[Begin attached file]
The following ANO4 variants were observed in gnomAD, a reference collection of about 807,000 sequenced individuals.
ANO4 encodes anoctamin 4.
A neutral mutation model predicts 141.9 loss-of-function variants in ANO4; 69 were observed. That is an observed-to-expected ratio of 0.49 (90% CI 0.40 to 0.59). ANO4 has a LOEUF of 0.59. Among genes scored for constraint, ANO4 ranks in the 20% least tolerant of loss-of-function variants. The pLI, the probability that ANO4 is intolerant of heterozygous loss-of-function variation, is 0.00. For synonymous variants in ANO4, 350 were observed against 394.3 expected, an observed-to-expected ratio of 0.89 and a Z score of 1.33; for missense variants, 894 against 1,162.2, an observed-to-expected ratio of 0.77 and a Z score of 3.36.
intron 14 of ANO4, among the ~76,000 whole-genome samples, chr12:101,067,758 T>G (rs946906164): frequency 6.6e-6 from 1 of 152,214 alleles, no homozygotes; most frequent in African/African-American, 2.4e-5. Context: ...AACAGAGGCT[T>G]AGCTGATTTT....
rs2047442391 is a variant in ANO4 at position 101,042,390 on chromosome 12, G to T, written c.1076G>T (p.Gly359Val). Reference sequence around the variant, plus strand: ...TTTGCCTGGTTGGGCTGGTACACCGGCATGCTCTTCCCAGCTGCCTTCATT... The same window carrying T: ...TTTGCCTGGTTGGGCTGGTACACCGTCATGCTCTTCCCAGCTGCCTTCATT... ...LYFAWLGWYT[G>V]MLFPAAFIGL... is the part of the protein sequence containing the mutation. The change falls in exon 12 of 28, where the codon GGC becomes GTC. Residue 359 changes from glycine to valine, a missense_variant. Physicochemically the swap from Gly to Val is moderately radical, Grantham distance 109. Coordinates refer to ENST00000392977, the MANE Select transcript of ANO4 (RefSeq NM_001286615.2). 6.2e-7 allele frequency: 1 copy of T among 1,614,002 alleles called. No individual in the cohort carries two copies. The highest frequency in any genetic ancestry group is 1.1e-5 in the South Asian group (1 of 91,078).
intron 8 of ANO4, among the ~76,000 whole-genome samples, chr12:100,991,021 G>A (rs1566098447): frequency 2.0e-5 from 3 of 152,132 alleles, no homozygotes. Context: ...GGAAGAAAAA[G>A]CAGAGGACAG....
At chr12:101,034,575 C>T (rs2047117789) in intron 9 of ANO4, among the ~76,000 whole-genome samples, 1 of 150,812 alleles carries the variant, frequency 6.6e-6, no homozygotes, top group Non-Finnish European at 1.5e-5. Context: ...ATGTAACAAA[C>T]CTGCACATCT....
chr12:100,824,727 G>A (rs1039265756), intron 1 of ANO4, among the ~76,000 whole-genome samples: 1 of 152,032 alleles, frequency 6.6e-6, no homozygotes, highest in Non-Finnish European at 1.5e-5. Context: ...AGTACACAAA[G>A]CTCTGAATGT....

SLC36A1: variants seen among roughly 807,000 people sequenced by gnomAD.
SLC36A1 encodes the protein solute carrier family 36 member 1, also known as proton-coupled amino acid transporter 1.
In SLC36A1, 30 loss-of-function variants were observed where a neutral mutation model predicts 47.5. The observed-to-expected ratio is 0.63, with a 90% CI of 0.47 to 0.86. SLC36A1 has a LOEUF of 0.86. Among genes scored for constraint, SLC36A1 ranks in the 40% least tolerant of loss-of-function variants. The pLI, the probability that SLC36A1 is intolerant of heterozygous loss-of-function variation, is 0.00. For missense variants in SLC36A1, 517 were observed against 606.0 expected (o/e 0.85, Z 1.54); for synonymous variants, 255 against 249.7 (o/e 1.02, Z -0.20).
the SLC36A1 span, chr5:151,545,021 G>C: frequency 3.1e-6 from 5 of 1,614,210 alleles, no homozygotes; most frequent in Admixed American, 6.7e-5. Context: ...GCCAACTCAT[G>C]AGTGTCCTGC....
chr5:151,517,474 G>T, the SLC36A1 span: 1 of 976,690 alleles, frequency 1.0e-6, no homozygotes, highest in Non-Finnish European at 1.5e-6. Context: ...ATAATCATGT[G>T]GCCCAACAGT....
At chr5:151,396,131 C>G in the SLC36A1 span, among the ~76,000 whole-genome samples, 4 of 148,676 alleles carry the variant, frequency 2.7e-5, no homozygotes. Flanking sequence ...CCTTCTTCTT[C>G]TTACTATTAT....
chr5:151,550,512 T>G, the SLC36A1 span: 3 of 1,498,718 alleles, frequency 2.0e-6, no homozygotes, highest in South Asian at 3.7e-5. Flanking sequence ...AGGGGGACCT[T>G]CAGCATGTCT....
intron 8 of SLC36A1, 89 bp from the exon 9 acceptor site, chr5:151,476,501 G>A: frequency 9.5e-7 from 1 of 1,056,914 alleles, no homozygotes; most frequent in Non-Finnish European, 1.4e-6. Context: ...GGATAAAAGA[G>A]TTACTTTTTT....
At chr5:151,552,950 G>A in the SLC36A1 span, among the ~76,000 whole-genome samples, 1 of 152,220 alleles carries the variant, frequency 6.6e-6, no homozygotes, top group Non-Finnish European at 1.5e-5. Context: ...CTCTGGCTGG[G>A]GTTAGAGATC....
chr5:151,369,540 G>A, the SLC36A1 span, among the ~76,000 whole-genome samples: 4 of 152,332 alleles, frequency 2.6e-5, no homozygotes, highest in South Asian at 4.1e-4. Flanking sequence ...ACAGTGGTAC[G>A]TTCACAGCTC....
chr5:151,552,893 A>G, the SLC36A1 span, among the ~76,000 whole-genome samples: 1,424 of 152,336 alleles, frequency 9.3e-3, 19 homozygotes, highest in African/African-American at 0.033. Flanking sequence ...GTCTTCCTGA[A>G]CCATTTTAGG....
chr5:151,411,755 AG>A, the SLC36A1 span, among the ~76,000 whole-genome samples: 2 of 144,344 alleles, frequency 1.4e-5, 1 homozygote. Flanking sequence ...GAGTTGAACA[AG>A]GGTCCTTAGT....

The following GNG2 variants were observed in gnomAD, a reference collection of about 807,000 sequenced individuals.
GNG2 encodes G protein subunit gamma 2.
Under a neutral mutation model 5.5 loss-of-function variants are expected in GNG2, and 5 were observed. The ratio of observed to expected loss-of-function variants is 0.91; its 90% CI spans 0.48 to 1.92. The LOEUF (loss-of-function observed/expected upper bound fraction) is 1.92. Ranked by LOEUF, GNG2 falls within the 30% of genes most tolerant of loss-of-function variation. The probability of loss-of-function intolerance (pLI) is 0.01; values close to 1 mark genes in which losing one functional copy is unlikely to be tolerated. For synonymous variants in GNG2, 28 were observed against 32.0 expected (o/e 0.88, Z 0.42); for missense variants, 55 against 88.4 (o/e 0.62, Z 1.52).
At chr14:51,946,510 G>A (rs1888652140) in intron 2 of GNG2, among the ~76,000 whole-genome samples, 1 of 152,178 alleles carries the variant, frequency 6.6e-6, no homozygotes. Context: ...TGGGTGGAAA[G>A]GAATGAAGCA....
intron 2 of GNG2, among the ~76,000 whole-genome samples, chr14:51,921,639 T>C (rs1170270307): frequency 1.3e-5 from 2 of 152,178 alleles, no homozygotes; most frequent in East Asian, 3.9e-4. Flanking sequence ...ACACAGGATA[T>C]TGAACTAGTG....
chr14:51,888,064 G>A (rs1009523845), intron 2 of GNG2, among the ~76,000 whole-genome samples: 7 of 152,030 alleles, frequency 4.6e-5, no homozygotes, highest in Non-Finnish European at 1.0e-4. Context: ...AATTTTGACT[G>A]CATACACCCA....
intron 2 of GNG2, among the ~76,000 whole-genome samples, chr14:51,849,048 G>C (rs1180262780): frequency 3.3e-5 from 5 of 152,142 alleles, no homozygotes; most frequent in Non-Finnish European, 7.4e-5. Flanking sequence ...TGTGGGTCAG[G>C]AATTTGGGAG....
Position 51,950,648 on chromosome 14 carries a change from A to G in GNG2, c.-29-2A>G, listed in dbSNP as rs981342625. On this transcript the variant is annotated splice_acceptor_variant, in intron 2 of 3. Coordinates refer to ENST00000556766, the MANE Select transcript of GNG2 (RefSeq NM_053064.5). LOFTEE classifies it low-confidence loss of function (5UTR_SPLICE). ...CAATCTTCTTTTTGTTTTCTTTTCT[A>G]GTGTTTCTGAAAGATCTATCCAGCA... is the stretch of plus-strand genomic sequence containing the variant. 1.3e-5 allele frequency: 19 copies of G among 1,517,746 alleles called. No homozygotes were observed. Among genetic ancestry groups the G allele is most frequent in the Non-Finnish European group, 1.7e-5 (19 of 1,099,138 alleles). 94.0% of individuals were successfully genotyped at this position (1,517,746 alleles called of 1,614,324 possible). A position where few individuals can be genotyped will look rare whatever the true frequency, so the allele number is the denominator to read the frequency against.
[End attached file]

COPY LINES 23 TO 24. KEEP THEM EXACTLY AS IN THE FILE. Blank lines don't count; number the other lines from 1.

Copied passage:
Under a neutral mutation model 5.5 loss-of-function variants are expected in GNG2, and 5 were observed. The ratio of observed to expected loss-of-function variants is 0.91; its 90% CI spans 0.48 to 1.92. The LOEUF (loss-of-function observed/expected upper bound fraction) is 1.92. Ranked by LOEUF, GNG2 falls within the 30% of genes most tolerant of loss-of-function variation. The probability of loss-of-function intolerance (pLI) is 0.01; values close to 1 mark genes in which losing one functional copy is unlikely to be tolerated. For synonymous variants in GNG2, 28 were observed against 32.0 expected (o/e 0.88, Z 0.42); for missense variants, 55 against 88.4 (o/e 0.62, Z 1.52).
At chr14:51,946,510 G>A (rs1888652140) in intron 2 of GNG2, among the ~76,000 whole-genome samples, 1 of 152,178 alleles carries the variant, frequency 6.6e-6, no homozygotes. Context: ...TGGGTGGAAA[G>A]GAATGAAGCA....